Finishing Hardwood Floor

Refinishing Your Hardwood Floor

One of the most practical flooring and building materials is hardwood. It is sturdy enough to last decades and even centuries, with proper care, and it can give an otherwise dull living space an earthy and natural feel.

As time progresses, however, the protective coating of your hardwood floor will inevitably thin out, particularly in areas where there's a lot of foot traffic. When this happens, your best option is to reapply a new finish so that it lasts longer and it becomes a lot easier to clean and maintain.

Why should you refinish your hardwood floor? If your floor has been subjected to constant wear or has been hidden under the carpet for so long, you will need to apply proper maintenance techniques to preserve it.

You may attempt to do the refinishing yourself, but those who have had experience doing this will tell you that it's quite a challenging task. Refinishing your hardwood floor does not simply entail reapplying the translucent coat. You will first have to remove the previous finishing in order to properly and evenly recoat the floor.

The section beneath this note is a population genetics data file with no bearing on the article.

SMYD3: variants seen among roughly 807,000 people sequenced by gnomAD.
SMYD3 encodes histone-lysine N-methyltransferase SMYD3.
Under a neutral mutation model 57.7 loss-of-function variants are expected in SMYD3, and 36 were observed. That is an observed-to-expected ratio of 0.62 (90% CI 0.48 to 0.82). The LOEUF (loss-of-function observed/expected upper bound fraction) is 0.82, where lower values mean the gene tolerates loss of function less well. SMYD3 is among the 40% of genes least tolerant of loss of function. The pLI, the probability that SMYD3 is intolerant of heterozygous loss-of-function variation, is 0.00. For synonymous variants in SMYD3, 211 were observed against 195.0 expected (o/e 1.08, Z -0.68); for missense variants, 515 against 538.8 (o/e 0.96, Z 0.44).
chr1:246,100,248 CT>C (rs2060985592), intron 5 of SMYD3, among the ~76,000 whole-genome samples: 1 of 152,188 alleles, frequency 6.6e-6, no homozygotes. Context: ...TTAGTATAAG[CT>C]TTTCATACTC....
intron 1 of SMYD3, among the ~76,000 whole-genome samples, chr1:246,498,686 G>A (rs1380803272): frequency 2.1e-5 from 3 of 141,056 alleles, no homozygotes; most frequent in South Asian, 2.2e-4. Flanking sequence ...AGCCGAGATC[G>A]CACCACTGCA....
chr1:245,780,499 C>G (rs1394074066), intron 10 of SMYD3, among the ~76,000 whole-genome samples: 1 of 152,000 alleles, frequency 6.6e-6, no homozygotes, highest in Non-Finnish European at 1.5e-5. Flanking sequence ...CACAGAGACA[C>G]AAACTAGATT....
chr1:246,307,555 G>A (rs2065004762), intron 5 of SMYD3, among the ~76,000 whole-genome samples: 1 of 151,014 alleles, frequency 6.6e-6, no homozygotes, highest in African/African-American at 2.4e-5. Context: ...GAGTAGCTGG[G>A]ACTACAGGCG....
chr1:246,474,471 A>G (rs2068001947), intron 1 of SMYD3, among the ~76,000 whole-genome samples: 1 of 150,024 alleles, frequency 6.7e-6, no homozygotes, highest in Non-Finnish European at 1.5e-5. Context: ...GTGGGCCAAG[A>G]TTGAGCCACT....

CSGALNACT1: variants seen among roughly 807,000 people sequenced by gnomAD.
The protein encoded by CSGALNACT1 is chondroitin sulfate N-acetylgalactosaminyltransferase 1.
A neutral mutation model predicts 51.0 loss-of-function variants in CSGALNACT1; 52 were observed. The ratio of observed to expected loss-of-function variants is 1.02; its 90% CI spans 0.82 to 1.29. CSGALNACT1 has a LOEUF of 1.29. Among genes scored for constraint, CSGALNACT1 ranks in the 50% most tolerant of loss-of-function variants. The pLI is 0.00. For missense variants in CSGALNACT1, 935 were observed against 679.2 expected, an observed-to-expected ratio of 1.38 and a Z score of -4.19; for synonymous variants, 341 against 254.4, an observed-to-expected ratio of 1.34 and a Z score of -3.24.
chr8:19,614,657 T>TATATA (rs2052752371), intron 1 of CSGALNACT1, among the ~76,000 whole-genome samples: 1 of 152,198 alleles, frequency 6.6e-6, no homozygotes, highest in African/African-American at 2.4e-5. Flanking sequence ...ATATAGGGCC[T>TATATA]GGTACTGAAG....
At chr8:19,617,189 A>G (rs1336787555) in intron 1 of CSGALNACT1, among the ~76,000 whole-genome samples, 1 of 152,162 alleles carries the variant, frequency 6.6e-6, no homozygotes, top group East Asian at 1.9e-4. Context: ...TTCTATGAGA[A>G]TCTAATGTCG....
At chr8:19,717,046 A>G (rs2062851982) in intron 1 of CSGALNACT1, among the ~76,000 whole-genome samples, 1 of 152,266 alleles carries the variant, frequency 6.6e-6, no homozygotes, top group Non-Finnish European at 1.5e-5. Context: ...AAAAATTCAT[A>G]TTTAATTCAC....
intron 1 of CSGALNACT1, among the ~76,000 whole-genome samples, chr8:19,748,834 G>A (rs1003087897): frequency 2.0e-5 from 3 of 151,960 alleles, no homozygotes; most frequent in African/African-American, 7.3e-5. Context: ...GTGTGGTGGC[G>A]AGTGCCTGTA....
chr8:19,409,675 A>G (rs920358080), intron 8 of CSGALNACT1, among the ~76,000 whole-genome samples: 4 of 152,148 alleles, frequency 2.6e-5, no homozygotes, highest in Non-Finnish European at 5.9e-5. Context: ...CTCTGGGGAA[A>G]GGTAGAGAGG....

Handling sanding equipment can also be a tedious job. Thus, if you're considering refinishing your hardwood floor, it's wise to just leave the dirty work to the professionals and experts on the field. This project requires time and effort, so if you attempt to do this yourself, you could be setting yourself up to headaches.

How do you determine if your hardwood floor needs refinishing? Test on an inconspicuous part of the flooring. Do so by pouring a little water on the surface.

If the water seeps in and creates a dark stain, then it's a sign that your coating has faded and you need to refinish soon. But if it forms small beads, then you have no reason to panic. Your floor coating is still intact. Do the same procedure at different parts of the house, especially areas that experience heavy traffic.

There are also a number of stains you can use to refinish your hardwood floor. But before you decide on which to get, test it first on a hidden part of your house. Remember that refinishing stains look darker when its fresh, but they lighten when they dry up. Also consider the kind of hardwood you have in your house because they react differently to stains.


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